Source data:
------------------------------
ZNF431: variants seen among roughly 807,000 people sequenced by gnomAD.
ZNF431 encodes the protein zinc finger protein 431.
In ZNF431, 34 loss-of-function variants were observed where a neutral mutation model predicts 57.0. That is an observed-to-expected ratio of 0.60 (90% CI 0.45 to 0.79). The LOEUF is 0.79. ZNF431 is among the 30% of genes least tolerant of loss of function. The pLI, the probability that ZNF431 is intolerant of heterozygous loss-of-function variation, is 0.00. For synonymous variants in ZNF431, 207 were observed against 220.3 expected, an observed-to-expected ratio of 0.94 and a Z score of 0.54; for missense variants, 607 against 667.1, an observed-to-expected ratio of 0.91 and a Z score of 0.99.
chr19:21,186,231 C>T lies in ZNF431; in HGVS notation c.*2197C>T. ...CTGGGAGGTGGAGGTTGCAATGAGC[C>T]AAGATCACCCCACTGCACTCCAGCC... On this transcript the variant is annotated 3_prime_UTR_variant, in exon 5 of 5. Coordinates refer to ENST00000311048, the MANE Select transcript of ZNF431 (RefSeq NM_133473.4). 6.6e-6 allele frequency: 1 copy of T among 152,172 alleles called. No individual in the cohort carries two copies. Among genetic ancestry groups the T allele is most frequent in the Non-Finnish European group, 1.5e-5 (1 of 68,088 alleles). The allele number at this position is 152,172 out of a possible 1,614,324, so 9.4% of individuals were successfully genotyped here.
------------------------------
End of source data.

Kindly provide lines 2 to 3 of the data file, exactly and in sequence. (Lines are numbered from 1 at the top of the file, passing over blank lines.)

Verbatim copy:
ZNF431 encodes the protein zinc finger protein 431.
In ZNF431, 34 loss-of-function variants were observed where a neutral mutation model predicts 57.0. That is an observed-to-expected ratio of 0.60 (90% CI 0.45 to 0.79). The LOEUF is 0.79. ZNF431 is among the 30% of genes least tolerant of loss of function. The pLI, the probability that ZNF431 is intolerant of heterozygous loss-of-function variation, is 0.00. For synonymous variants in ZNF431, 207 were observed against 220.3 expected, an observed-to-expected ratio of 0.94 and a Z score of 0.54; for missense variants, 607 against 667.1, an observed-to-expected ratio of 0.91 and a Z score of 0.99.